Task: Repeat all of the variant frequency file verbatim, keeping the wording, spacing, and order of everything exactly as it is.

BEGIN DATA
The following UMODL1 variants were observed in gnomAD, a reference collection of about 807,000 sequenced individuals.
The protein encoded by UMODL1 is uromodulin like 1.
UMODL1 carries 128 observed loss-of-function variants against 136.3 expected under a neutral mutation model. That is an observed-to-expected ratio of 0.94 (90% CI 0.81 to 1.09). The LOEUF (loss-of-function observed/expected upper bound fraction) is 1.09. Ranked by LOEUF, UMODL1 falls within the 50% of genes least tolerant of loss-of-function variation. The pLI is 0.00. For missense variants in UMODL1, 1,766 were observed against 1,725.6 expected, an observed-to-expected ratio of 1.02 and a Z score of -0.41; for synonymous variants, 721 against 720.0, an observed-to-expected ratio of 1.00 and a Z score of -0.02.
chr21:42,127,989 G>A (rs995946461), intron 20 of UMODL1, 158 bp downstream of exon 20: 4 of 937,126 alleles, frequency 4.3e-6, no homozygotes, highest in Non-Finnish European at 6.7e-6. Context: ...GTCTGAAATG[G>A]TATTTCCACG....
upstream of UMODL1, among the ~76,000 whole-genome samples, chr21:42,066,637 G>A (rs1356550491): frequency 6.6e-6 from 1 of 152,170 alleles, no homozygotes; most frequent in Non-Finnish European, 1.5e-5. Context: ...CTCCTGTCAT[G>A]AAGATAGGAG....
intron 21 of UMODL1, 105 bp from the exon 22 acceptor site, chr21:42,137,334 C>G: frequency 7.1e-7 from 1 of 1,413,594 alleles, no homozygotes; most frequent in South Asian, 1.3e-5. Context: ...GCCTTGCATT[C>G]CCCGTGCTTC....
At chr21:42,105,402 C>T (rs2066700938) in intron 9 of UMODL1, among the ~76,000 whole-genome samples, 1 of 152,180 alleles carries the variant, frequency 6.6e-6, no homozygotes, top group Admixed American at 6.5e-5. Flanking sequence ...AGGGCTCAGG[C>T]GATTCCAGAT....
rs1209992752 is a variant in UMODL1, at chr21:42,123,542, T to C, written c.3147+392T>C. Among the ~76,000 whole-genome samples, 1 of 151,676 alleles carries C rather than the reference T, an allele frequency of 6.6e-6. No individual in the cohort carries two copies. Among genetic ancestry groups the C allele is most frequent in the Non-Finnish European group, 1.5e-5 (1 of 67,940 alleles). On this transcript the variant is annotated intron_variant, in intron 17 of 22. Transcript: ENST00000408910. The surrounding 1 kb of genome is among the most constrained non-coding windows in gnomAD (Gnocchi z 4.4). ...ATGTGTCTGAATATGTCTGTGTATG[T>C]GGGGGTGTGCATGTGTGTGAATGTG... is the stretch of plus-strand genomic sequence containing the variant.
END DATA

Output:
The following UMODL1 variants were observed in gnomAD, a reference collection of about 807,000 sequenced individuals.
The protein encoded by UMODL1 is uromodulin like 1.
UMODL1 carries 128 observed loss-of-function variants against 136.3 expected under a neutral mutation model. That is an observed-to-expected ratio of 0.94 (90% CI 0.81 to 1.09). The LOEUF (loss-of-function observed/expected upper bound fraction) is 1.09. Ranked by LOEUF, UMODL1 falls within the 50% of genes least tolerant of loss-of-function variation. The pLI is 0.00. For missense variants in UMODL1, 1,766 were observed against 1,725.6 expected, an observed-to-expected ratio of 1.02 and a Z score of -0.41; for synonymous variants, 721 against 720.0, an observed-to-expected ratio of 1.00 and a Z score of -0.02.
chr21:42,127,989 G>A (rs995946461), intron 20 of UMODL1, 158 bp downstream of exon 20: 4 of 937,126 alleles, frequency 4.3e-6, no homozygotes, highest in Non-Finnish European at 6.7e-6. Context: ...GTCTGAAATG[G>A]TATTTCCACG....
upstream of UMODL1, among the ~76,000 whole-genome samples, chr21:42,066,637 G>A (rs1356550491): frequency 6.6e-6 from 1 of 152,170 alleles, no homozygotes; most frequent in Non-Finnish European, 1.5e-5. Context: ...CTCCTGTCAT[G>A]AAGATAGGAG....
intron 21 of UMODL1, 105 bp from the exon 22 acceptor site, chr21:42,137,334 C>G: frequency 7.1e-7 from 1 of 1,413,594 alleles, no homozygotes; most frequent in South Asian, 1.3e-5. Context: ...GCCTTGCATT[C>G]CCCGTGCTTC....
At chr21:42,105,402 C>T (rs2066700938) in intron 9 of UMODL1, among the ~76,000 whole-genome samples, 1 of 152,180 alleles carries the variant, frequency 6.6e-6, no homozygotes, top group Admixed American at 6.5e-5. Flanking sequence ...AGGGCTCAGG[C>T]GATTCCAGAT....
rs1209992752 is a variant in UMODL1, at chr21:42,123,542, T to C, written c.3147+392T>C. Among the ~76,000 whole-genome samples, 1 of 151,676 alleles carries C rather than the reference T, an allele frequency of 6.6e-6. No individual in the cohort carries two copies. Among genetic ancestry groups the C allele is most frequent in the Non-Finnish European group, 1.5e-5 (1 of 67,940 alleles). On this transcript the variant is annotated intron_variant, in intron 17 of 22. Transcript: ENST00000408910. The surrounding 1 kb of genome is among the most constrained non-coding windows in gnomAD (Gnocchi z 4.4). ...ATGTGTCTGAATATGTCTGTGTATG[T>C]GGGGGTGTGCATGTGTGTGAATGTG... is the stretch of plus-strand genomic sequence containing the variant.